To Be Prepared

So now I see we are all in an uproar about global warming again, trying to pretend that politicians yelling at each other can change the way the ecosystem functions. (Dot Earth, BBC, BBC) But does anybody come right out and tell us how the ecosystem functions? Of course not, because it’s quite too complicated to describe in five paragraphs, and besides nobody knows all about it and we won’t until after it finishes happening. But by that time we will have lost the power to respond to the situation, and we could be talking about the basic laws of nature and life on earth that we do understand.

So what is this problem once referred to as global warming and now renamed climate change? Not surprisingly, the problem relates to energy, so it is probably best to begin with energy. One reason we worry about energy is that burning fuel to get energy causes global warming; the other is that we are worried about running out of energy. Today I have some comments about the latter. Why are some people so upset about energy shortage, while others tell us not to worry about it?

Logically, it seems like we could never run out of energy. We look around and it’s obvious to everyone, even scientists, that the universe is full of energy. The sun is almost pure energy. Radio waves are flying around, atoms are exploding, children are running and screaming, birds are flying, the heat of the day is warming the ground and the scientists are talking about kinds of energy nobody can see. There is energy everywhere. So what is all the fuss about?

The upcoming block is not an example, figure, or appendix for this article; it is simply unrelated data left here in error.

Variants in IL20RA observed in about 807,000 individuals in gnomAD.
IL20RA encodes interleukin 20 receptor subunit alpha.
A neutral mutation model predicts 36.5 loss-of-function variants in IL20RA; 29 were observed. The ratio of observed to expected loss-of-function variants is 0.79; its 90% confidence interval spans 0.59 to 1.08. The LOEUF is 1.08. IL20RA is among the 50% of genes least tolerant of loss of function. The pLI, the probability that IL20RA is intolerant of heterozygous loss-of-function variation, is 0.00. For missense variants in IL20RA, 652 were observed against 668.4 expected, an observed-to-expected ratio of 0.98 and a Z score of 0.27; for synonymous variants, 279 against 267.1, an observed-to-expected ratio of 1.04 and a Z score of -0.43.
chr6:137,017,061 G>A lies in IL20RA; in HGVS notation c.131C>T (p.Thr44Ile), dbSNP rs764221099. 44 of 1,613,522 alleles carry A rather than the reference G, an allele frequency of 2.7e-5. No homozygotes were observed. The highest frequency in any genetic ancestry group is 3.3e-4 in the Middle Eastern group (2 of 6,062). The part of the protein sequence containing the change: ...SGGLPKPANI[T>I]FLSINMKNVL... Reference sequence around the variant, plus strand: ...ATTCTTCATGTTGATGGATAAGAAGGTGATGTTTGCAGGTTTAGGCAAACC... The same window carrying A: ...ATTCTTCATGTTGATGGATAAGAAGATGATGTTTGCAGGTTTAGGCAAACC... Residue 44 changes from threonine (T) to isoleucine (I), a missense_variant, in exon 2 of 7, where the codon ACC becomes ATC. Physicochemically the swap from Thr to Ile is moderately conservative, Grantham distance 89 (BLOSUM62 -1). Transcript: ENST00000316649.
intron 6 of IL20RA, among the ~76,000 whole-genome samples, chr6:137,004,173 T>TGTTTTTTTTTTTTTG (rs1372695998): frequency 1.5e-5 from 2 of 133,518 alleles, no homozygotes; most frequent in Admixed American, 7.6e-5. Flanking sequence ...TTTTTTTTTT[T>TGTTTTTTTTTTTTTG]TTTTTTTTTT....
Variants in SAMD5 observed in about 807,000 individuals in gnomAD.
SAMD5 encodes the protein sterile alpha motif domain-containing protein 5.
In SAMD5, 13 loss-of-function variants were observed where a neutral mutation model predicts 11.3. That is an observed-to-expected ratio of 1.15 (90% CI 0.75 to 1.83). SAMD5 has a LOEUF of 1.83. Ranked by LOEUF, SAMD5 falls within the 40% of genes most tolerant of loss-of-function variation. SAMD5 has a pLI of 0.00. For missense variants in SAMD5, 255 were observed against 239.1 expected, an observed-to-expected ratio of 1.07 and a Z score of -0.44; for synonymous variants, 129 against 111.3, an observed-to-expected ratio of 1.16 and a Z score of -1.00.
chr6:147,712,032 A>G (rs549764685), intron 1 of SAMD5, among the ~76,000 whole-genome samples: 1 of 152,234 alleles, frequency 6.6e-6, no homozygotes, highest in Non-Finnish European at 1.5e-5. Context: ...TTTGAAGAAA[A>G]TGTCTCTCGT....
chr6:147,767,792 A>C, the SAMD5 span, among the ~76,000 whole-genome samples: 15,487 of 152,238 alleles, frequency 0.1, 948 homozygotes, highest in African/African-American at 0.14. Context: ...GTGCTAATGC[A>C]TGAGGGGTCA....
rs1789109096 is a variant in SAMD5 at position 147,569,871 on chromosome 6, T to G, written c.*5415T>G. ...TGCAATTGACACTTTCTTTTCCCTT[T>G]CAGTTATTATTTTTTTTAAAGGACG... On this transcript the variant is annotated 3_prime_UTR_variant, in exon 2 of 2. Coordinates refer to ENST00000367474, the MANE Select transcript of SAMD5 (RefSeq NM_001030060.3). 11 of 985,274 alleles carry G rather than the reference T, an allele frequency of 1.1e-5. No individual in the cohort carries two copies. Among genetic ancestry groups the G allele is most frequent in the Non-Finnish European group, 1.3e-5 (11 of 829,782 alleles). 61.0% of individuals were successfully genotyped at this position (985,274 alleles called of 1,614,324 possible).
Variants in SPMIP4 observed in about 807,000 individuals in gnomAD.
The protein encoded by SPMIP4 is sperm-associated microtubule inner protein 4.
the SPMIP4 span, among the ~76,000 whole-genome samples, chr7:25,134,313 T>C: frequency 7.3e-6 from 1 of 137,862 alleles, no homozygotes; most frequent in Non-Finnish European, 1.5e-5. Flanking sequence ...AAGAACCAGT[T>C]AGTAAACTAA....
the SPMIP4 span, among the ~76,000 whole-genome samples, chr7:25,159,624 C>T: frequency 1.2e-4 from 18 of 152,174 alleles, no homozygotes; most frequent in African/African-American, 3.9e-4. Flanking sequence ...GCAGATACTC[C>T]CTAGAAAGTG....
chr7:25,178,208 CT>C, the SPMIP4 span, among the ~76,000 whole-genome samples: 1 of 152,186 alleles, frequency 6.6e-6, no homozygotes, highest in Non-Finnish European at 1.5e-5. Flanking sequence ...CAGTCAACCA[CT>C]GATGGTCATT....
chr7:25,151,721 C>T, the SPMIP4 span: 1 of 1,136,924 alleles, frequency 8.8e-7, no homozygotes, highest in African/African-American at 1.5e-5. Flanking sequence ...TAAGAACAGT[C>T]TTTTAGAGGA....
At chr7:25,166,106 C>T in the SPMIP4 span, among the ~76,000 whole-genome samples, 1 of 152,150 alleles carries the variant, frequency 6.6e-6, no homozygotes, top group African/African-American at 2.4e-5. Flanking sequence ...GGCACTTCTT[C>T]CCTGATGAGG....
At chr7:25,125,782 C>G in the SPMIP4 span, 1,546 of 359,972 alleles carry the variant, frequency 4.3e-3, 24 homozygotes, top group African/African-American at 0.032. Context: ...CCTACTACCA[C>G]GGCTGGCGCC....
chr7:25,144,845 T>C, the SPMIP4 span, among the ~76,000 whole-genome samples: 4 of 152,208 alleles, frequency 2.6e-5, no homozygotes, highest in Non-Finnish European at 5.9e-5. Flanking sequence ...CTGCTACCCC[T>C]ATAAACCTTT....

The bottom line answer is that there is only one kind of energy that keeps the earth ecosystem alive, and that is chemical energy. The energy of food. When we use it, we can’t use it again. We must go back and get more from the only one source, and that is plants.

Here is how it works, according to the “laws of nature.” The “laws of nature” obviously are not “laws” that people made — people did not make nature. My guess is that God did, but however it got made — we describe the way it functions as the “laws of nature.” If it were not for the characteristics we describe as laws,  it would not function.

Energy is the ability to do work; that is it’s definition. Work, basically, is when anything moves or changes. One of the energy laws is this: Energy can change from one form to another form — from a higher (more energetic) form to a lower form, and it does this when it is used to do work. However, energy can not change back to a higher form. One example of this is — if you burn something you can use some of the chemical energy of burning to do the work of running your car or making your muscles work, or anything that happens in the living world. But at the end the chemical energy changes to heat energy that you can’t use again for more burning.